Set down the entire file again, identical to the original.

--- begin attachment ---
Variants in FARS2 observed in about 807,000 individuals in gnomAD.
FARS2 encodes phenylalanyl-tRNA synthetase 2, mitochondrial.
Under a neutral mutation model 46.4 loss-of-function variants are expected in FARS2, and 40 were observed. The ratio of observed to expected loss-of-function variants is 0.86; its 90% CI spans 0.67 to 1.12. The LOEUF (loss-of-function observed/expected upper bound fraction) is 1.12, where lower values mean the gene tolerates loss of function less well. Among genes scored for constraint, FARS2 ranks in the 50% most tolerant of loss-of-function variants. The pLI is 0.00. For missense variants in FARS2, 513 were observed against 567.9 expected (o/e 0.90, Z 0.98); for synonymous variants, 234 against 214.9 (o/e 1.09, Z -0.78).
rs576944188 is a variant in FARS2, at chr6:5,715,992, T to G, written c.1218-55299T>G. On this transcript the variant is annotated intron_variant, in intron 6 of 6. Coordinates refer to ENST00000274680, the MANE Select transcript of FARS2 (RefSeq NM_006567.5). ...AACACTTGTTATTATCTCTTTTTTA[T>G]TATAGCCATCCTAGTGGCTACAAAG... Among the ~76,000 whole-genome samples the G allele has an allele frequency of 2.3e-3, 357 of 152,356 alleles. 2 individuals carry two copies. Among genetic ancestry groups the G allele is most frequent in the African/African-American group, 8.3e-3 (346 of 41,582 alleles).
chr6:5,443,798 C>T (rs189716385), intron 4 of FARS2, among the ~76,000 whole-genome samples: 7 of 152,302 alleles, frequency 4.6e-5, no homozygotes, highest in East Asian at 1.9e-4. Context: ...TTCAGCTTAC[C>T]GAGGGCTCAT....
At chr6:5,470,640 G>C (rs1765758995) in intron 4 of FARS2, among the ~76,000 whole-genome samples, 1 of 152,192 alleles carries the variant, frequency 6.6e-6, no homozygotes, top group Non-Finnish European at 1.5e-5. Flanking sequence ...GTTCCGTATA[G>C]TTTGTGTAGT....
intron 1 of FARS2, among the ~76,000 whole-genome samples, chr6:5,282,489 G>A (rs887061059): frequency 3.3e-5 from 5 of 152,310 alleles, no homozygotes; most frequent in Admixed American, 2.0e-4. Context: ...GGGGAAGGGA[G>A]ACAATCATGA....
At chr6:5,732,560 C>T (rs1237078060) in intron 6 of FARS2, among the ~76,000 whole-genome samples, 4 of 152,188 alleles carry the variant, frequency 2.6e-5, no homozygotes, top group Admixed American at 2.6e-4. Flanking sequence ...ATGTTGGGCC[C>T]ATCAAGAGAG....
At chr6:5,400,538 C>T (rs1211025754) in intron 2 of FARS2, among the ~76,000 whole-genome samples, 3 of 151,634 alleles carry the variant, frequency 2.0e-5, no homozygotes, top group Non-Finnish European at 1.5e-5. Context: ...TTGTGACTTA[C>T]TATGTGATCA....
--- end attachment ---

Variants in FARS2 observed in about 807,000 individuals in gnomAD.
FARS2 encodes phenylalanyl-tRNA synthetase 2, mitochondrial.
Under a neutral mutation model 46.4 loss-of-function variants are expected in FARS2, and 40 were observed. The ratio of observed to expected loss-of-function variants is 0.86; its 90% CI spans 0.67 to 1.12. The LOEUF (loss-of-function observed/expected upper bound fraction) is 1.12, where lower values mean the gene tolerates loss of function less well. Among genes scored for constraint, FARS2 ranks in the 50% most tolerant of loss-of-function variants. The pLI is 0.00. For missense variants in FARS2, 513 were observed against 567.9 expected (o/e 0.90, Z 0.98); for synonymous variants, 234 against 214.9 (o/e 1.09, Z -0.78).
rs576944188 is a variant in FARS2, at chr6:5,715,992, T to G, written c.1218-55299T>G. On this transcript the variant is annotated intron_variant, in intron 6 of 6. Coordinates refer to ENST00000274680, the MANE Select transcript of FARS2 (RefSeq NM_006567.5). ...AACACTTGTTATTATCTCTTTTTTA[T>G]TATAGCCATCCTAGTGGCTACAAAG... Among the ~76,000 whole-genome samples the G allele has an allele frequency of 2.3e-3, 357 of 152,356 alleles. 2 individuals carry two copies. Among genetic ancestry groups the G allele is most frequent in the African/African-American group, 8.3e-3 (346 of 41,582 alleles).
chr6:5,443,798 C>T (rs189716385), intron 4 of FARS2, among the ~76,000 whole-genome samples: 7 of 152,302 alleles, frequency 4.6e-5, no homozygotes, highest in East Asian at 1.9e-4. Context: ...TTCAGCTTAC[C>T]GAGGGCTCAT....
At chr6:5,470,640 G>C (rs1765758995) in intron 4 of FARS2, among the ~76,000 whole-genome samples, 1 of 152,192 alleles carries the variant, frequency 6.6e-6, no homozygotes, top group Non-Finnish European at 1.5e-5. Flanking sequence ...GTTCCGTATA[G>C]TTTGTGTAGT....
intron 1 of FARS2, among the ~76,000 whole-genome samples, chr6:5,282,489 G>A (rs887061059): frequency 3.3e-5 from 5 of 152,310 alleles, no homozygotes; most frequent in Admixed American, 2.0e-4. Context: ...GGGGAAGGGA[G>A]ACAATCATGA....
At chr6:5,732,560 C>T (rs1237078060) in intron 6 of FARS2, among the ~76,000 whole-genome samples, 4 of 152,188 alleles carry the variant, frequency 2.6e-5, no homozygotes, top group Admixed American at 2.6e-4. Flanking sequence ...ATGTTGGGCC[C>T]ATCAAGAGAG....
At chr6:5,400,538 C>T (rs1211025754) in intron 2 of FARS2, among the ~76,000 whole-genome samples, 3 of 151,634 alleles carry the variant, frequency 2.0e-5, no homozygotes, top group Non-Finnish European at 1.5e-5. Context: ...TTGTGACTTA[C>T]TATGTGATCA....